18 January 2018

Cunault : la châsse de saint Maxenceul

One of the key figures in the history of Christianity in Europe — especially here in the Loire Valley — is the man called saint Martin de Tours. Martin was a Roman soldier born in the early part of the 4th century (316 or 336, depending on who you believe) and deceased at the end of that century. He converted to Christianity in mid-life and then converted a lot of other people in the Loire Valley. One of his disciples was a man named Maxenceul, also a saint, who evangelized the area west of Tours, near Saumur on the Loire, where the Eglise Notre-Dame de Cunault now stands.

Without doubt, one of the most amazing things there is to see at Cunault is a reliquary chest — une châsse in French — that is said to have been carved from a massive piece of walnut wood in the 13th century. The word châsse is etymologically related to "case", "cassette", and French caisse, meaning "trunk" or "crate". One source I read says that the poly-chrome painting is not original but a later "improvement" (no date specified).

Maxenceul lived nearly a thousand years earlier than the 13th century. He founded a monastery in the Cunault area, on the model of Martin's in Tours. Five hundred years after its founding the Normans (Norsemen, Vikings) invaded central France, pushing up the Loire River. The religious community at Cunault had to retreat eastward.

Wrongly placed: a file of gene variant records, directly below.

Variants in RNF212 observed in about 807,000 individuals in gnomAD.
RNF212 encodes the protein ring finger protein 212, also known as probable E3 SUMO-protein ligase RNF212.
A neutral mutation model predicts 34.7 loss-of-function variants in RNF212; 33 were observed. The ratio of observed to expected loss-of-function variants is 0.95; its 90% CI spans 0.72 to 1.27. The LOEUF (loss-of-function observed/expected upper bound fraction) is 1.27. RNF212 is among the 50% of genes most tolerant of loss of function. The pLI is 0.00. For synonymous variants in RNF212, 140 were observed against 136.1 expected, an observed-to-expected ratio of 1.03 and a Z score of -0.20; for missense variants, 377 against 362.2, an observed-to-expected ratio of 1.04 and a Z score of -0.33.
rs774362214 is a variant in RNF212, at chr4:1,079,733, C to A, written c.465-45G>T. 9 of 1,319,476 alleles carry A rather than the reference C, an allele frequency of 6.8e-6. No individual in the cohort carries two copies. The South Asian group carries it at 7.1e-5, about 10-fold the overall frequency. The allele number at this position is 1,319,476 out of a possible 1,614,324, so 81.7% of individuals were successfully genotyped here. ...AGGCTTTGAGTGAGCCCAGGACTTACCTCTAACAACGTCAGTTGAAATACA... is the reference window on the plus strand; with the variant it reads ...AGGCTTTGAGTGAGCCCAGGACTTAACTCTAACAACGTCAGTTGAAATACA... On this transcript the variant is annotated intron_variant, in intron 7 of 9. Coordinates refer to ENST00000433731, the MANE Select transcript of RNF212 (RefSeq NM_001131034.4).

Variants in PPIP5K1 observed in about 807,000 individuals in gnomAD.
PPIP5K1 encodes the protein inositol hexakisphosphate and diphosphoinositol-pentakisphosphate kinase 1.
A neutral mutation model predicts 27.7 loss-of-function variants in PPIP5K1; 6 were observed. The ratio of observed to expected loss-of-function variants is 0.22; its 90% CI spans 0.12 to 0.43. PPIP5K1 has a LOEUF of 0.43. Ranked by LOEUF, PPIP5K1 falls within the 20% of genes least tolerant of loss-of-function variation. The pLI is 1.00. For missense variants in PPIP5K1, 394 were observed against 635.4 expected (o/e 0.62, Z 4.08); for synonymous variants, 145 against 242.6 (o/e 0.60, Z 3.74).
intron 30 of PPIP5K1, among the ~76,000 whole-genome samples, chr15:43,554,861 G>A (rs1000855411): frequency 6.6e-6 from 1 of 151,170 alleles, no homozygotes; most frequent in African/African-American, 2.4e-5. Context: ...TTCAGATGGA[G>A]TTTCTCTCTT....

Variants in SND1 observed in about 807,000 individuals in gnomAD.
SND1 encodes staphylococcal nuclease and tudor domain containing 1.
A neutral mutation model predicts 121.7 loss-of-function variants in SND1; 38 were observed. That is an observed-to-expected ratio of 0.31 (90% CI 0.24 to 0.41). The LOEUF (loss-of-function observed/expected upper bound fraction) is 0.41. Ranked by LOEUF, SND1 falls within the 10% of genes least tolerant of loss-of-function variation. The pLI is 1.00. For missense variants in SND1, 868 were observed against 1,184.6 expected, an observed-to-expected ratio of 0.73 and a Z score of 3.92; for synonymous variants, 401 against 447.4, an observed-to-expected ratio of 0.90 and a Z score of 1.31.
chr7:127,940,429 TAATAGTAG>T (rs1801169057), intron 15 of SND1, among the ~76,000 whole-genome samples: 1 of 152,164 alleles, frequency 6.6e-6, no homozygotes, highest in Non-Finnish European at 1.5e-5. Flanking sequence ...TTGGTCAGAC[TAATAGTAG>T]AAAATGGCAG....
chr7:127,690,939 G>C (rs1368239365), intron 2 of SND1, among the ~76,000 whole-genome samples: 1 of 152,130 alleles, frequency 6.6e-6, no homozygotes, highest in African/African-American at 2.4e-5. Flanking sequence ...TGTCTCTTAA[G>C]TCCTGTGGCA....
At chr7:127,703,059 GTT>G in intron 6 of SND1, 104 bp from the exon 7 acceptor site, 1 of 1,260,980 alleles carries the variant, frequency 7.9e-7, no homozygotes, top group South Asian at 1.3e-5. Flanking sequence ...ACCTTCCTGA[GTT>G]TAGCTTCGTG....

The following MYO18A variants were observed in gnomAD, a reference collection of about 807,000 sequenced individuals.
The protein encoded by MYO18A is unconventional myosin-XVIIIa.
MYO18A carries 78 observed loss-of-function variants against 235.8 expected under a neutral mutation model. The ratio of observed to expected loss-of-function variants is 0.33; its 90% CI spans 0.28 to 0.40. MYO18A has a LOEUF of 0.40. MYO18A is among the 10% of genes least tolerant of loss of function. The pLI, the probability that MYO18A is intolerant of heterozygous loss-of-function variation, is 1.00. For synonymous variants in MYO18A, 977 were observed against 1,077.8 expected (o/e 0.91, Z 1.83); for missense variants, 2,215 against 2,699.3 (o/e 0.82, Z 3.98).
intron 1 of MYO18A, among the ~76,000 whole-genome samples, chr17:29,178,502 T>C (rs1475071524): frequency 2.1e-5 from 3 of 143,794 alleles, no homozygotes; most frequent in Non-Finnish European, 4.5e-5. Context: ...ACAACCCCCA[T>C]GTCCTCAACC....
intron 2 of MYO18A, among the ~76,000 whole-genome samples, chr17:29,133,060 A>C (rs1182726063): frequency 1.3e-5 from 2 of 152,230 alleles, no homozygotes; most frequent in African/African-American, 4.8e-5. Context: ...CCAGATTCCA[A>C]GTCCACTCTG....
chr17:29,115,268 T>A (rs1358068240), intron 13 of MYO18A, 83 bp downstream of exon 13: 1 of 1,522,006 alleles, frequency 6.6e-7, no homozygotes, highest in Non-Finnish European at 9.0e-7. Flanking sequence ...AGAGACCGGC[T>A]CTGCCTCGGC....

The monks ended up in Burgundy, carrying the "relics" or remains of Maxenceul with them. A few decades later, when calm returned to the Saumur area, a few of the monks from Cunault returned. With the support of the dukes of Anjou, including Foulques Nerra, they founded a new monastery and built the Cunault church, which was built between the 11th and the 13th centuries. Sometime around the time the church was being completed, some artist or group of artists carved a chest to keep the revered "relics" of Maxenceul in.

I read in another account that one of the miracles cited at the time of Maxenceul's beatification was something that happened in the 16th or 17th century, during the wars of religion. The reliquary chest that supposedly contains Maxenceul's relics (there is some doubt about what is actually inside the chest) was thrown into waters of the Loire by Huguenots. Instead of sinking and being lost, it miraculously floated a few miles downstream and washed up on the banks of the river. Wood floating — imagine!